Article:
Treated Teens Still Likely to Try Suicide

Though most suicidal teens have received some form of mental health treatment, many of them still plan or attempt to kill themselves, researchers found.

More than 12% of teens experience suicidal ideation and 80% of those have received some form of treatment, but around 4% of teens have made a plan to kill themselves and 4% have attempted to commit suicide, according to Matthew Nock, PhD, of Harvard University, and colleagues. In most cases (>55%), treatment starts prior to onset of suicidal behaviors but fails to prevent these behaviors from occurring, they noted.

via Treated Teens Still Likely to Try Suicide.


What to Do During the First Two Weeks You’re Waiting for Your Antidepressants to Kick In

Image: My Room at Beau Rivage by Henri Matisse

My Room at Beau Rivage by Henri Matisse

The key words here are indulge yourself. Listen, you’re having enough trouble getting out of bed every day and going to work or school. You don’t need to push yourself. Think of yourself as an invalid recuperating from a very debilitating illness. You have to pamper yourself, body and spirit. This page is therefore all about “cocooning”, that is, wrapping yourself up in layers of comfort to protect yourself. Continue reading


Never, Ever Make a Major Life Change if You are Depressed

So let’s say that you’re dissatisfied with something about your life, and you’re thinking of making a big change. Your job isn’t satisfying, your marriage or relationship isn’t working out or maybe you don’t like where you live. You’re pretty sure there’s something better waiting for you if you change your circumstances.

If you’re feeling this way, stop! Don’t do it until you read this.

Is there any chance that you’re clinically depressed? The reason I’m asking is that one of the most useful guidelines about living through depression that I can give is this: Never, ever make a major life decision while you’re depressed. Continue reading


Depression Rarely Strikes on its Own

Image: Winter by Alphonse Mucha

Winter by Alphonse Mucha

I have clinical depression. I also have mild Obsessive-Compulsive Disorder (OCD) and Attention-Deficit Disorder (ADD). I always feel a little silly rattling off the laundry list of my mental illness disorders. It makes me feel like I should add “hypochondriac” to the list as well.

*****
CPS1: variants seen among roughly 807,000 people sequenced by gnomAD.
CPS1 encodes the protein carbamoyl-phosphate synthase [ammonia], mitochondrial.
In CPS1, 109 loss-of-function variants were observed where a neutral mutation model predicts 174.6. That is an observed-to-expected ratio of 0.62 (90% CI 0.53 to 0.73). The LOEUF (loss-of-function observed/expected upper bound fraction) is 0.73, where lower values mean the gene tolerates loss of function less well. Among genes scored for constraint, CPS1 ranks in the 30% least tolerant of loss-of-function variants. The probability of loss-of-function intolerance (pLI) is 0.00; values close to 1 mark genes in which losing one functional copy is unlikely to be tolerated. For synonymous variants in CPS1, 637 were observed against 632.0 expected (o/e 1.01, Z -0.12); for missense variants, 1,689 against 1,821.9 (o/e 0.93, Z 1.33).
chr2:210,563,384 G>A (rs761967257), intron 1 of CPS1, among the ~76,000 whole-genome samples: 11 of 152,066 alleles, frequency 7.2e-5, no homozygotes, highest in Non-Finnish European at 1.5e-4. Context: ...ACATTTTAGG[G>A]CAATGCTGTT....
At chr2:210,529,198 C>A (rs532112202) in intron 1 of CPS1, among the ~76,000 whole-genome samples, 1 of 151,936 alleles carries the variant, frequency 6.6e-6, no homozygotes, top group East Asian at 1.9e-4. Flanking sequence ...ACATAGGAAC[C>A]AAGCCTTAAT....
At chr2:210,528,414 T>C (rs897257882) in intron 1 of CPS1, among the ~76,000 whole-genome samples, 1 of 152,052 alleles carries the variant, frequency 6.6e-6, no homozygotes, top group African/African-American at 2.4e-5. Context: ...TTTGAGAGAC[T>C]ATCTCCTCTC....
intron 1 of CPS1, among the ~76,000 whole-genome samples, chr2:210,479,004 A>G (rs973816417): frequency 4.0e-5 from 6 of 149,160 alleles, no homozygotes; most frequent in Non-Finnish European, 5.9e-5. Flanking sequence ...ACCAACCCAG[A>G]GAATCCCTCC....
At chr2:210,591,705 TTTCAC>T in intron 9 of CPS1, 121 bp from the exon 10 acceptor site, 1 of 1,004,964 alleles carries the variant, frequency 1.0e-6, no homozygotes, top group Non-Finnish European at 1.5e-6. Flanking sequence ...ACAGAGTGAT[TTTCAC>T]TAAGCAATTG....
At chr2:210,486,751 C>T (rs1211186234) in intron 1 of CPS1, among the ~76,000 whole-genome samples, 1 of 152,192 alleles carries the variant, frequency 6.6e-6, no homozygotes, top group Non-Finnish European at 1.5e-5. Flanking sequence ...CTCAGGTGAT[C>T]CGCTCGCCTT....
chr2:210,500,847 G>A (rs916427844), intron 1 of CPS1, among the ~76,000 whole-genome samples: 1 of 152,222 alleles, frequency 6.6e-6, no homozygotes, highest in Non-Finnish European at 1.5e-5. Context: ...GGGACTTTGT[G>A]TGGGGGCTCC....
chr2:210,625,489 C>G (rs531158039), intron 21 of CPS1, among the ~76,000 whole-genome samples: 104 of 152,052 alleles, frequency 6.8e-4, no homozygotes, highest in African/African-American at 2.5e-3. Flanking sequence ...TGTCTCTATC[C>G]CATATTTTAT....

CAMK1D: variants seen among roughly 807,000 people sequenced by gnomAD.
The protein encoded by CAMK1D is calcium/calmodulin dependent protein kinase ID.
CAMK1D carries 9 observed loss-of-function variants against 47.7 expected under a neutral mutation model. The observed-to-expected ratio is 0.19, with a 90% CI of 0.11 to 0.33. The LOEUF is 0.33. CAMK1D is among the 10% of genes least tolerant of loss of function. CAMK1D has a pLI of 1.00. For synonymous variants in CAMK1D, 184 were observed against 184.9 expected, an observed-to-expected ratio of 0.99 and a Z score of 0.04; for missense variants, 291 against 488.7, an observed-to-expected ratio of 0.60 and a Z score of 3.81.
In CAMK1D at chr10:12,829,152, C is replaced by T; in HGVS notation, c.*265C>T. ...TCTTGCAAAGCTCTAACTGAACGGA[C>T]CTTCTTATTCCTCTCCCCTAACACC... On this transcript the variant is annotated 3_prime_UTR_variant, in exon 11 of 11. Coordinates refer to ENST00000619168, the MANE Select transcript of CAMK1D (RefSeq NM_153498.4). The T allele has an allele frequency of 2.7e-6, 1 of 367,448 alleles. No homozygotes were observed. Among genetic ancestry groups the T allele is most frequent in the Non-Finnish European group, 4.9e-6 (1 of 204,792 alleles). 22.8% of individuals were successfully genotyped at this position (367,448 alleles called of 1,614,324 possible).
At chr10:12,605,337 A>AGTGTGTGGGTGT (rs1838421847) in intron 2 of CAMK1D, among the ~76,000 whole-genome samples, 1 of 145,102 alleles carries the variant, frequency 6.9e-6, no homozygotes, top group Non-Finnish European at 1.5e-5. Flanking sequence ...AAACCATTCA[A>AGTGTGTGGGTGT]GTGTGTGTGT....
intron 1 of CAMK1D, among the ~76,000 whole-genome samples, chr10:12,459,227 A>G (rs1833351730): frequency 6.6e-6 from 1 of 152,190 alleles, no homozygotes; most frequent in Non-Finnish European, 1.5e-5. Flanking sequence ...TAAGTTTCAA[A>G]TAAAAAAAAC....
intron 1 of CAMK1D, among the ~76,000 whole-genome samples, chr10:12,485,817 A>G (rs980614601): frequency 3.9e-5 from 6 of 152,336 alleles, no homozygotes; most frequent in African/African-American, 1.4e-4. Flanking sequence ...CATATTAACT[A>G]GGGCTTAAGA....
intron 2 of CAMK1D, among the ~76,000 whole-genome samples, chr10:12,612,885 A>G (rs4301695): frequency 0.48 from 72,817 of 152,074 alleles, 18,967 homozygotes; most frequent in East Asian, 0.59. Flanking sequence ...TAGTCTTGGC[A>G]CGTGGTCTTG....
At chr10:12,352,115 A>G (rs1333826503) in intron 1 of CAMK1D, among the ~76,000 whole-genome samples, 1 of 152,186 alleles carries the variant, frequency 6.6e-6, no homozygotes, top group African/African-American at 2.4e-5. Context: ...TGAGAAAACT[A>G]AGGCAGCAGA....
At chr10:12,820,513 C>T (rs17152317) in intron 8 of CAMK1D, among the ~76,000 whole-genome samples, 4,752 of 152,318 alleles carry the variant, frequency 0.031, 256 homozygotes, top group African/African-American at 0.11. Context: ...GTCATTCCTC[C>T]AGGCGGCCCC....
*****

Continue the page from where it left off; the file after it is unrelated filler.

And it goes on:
My depression was far more severe and disrupted my life (prior to treatment) more than ADD and OCD. But both these disorders also had an impact on my life. In particular, the ADD was a problem when I was a child. I had a lot of trouble focusing in class and could be easily distracted. The word “daydreaming” came up in many of my report cards. Because I wasn’t hyperactive, however, my behavior was never connected to ADD. This is the case with many girls, as ADD seems to manifest itself without the hyperactive component more often than not in them. Continue reading


Antidepressants Celexa, Lexapro Tied to Irregular Heartbeat: Study

HealthDay News — People taking certain antidepressants, including Celexa and Lexapro, may have a slightly increased risk of developing an abnormal heart beat.Researchers say the drugs, which are in a class of medications called selective serotonin reuptake inhibitors SSRIs, may extend the length of electrical activity in the heart, called a QT interval. A long QT interval is an indicator of abnormal heart rhythms."For people who are taking higher doses of citalopram Celexa or escitalopram Lexapro, they should discuss these doses with their doctors," said lead researcher Dr. Roy Perlis, director of the Center for Experimental Drugs and Diagnostics in the psychiatry department at Massachusetts General Hospital in Boston."They should absolutely not just stop their medicine," he added.

via Antidepressants Celexa, Lexapro Tied to Irregular Heartbeat: Study.